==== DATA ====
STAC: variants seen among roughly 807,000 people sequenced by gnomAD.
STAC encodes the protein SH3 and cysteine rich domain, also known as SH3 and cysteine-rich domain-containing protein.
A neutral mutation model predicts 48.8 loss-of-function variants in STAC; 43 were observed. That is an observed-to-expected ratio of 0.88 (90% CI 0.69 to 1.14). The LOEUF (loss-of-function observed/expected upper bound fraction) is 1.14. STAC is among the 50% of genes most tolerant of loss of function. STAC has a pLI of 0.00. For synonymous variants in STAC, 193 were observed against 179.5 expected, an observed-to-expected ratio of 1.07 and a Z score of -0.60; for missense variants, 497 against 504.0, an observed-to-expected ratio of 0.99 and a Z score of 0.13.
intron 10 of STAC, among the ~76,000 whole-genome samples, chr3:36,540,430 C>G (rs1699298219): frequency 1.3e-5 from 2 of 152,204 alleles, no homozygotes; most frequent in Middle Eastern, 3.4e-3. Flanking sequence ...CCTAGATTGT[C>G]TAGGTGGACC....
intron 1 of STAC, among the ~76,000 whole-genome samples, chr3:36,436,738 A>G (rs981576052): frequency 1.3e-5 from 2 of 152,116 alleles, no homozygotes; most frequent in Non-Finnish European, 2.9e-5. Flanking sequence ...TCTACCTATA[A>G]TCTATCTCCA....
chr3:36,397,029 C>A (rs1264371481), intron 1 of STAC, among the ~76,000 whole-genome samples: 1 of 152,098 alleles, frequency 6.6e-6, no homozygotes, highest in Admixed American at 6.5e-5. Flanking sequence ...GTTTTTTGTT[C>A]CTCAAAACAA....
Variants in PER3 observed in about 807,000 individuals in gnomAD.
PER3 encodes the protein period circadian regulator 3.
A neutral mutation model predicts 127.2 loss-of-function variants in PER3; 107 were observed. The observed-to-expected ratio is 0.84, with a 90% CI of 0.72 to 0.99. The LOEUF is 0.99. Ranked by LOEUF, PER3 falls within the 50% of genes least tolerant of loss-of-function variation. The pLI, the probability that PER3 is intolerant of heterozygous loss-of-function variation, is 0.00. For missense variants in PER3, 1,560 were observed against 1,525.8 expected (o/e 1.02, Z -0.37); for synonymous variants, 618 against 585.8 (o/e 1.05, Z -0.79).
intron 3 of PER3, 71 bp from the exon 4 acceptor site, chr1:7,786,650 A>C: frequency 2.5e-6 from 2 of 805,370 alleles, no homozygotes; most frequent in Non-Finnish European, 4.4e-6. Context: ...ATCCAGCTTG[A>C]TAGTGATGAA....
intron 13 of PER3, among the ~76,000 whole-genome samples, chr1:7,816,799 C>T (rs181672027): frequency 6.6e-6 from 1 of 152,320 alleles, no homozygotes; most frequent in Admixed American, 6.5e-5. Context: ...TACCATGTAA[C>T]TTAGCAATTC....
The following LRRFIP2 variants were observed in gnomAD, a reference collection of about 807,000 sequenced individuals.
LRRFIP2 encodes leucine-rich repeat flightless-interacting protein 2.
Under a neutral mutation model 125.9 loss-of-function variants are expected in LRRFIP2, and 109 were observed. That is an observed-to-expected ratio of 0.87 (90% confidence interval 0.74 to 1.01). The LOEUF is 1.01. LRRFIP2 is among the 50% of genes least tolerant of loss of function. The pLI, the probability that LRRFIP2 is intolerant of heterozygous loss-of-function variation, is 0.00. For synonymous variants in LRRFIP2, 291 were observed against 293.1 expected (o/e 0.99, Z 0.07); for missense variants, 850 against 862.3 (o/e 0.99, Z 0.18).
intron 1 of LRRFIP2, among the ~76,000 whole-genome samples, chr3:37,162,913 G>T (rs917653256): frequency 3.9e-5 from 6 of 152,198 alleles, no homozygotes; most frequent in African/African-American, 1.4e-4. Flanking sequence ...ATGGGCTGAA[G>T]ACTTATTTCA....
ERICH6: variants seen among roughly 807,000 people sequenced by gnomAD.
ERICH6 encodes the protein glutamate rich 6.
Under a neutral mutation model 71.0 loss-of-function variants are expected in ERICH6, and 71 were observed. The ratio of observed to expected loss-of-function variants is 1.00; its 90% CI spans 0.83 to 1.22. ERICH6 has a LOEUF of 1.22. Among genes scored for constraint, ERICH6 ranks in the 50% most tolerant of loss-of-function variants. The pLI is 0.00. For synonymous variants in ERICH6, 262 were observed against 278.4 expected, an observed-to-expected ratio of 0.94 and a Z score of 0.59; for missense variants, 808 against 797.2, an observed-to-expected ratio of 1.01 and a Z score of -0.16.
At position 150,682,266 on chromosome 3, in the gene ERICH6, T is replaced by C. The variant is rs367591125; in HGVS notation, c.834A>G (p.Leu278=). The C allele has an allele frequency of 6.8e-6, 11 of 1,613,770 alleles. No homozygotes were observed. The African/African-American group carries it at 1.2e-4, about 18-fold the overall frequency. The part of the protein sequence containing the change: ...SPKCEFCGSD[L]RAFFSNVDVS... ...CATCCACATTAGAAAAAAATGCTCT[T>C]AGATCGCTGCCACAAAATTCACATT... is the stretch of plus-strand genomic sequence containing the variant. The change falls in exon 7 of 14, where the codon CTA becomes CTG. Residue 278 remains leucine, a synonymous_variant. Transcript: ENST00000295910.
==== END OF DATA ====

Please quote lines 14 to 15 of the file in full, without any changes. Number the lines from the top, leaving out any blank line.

Under a neutral mutation model 125.9 loss-of-function variants are expected in LRRFIP2, and 109 were observed. That is an observed-to-expected ratio of 0.87 (90% confidence interval 0.74 to 1.01). The LOEUF is 1.01. LRRFIP2 is among the 50% of genes least tolerant of loss of function. The pLI, the probability that LRRFIP2 is intolerant of heterozygous loss-of-function variation, is 0.00. For synonymous variants in LRRFIP2, 291 were observed against 293.1 expected (o/e 0.99, Z 0.07); for missense variants, 850 against 862.3 (o/e 0.99, Z 0.18).
intron 1 of LRRFIP2, among the ~76,000 whole-genome samples, chr3:37,162,913 G>T (rs917653256): frequency 3.9e-5 from 6 of 152,198 alleles, no homozygotes; most frequent in African/African-American, 1.4e-4. Flanking sequence ...ATGGGCTGAA[G>T]ACTTATTTCA....